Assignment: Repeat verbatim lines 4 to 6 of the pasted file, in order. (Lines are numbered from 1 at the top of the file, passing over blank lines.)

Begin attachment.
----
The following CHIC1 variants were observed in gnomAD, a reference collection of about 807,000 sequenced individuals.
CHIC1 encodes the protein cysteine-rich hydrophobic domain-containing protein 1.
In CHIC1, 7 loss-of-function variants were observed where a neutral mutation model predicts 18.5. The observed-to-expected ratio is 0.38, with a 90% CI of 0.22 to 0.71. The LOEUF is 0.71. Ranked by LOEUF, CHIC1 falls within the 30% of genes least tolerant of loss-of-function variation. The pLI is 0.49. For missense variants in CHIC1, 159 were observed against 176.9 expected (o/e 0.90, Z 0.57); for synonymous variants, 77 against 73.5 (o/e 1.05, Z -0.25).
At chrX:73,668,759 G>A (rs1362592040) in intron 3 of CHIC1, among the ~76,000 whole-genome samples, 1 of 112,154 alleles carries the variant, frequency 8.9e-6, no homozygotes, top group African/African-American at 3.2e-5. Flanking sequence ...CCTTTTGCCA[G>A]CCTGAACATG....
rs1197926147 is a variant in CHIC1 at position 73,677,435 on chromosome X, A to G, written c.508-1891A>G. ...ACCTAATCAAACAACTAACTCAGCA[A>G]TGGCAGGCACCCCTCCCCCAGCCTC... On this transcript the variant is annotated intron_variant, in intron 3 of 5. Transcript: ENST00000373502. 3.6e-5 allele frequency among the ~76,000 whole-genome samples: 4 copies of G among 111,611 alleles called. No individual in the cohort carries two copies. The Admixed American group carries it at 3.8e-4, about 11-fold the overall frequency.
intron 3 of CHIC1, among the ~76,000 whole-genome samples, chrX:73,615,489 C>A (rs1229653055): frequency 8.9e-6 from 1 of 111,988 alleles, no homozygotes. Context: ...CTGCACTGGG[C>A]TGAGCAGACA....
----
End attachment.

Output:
At chrX:73,668,759 G>A (rs1362592040) in intron 3 of CHIC1, among the ~76,000 whole-genome samples, 1 of 112,154 alleles carries the variant, frequency 8.9e-6, no homozygotes, top group African/African-American at 3.2e-5. Flanking sequence ...CCTTTTGCCA[G>A]CCTGAACATG....
rs1197926147 is a variant in CHIC1 at position 73,677,435 on chromosome X, A to G, written c.508-1891A>G. ...ACCTAATCAAACAACTAACTCAGCA[A>G]TGGCAGGCACCCCTCCCCCAGCCTC... On this transcript the variant is annotated intron_variant, in intron 3 of 5. Transcript: ENST00000373502. 3.6e-5 allele frequency among the ~76,000 whole-genome samples: 4 copies of G among 111,611 alleles called. No individual in the cohort carries two copies. The Admixed American group carries it at 3.8e-4, about 11-fold the overall frequency.
intron 3 of CHIC1, among the ~76,000 whole-genome samples, chrX:73,615,489 C>A (rs1229653055): frequency 8.9e-6 from 1 of 111,988 alleles, no homozygotes. Context: ...CTGCACTGGG[C>A]TGAGCAGACA....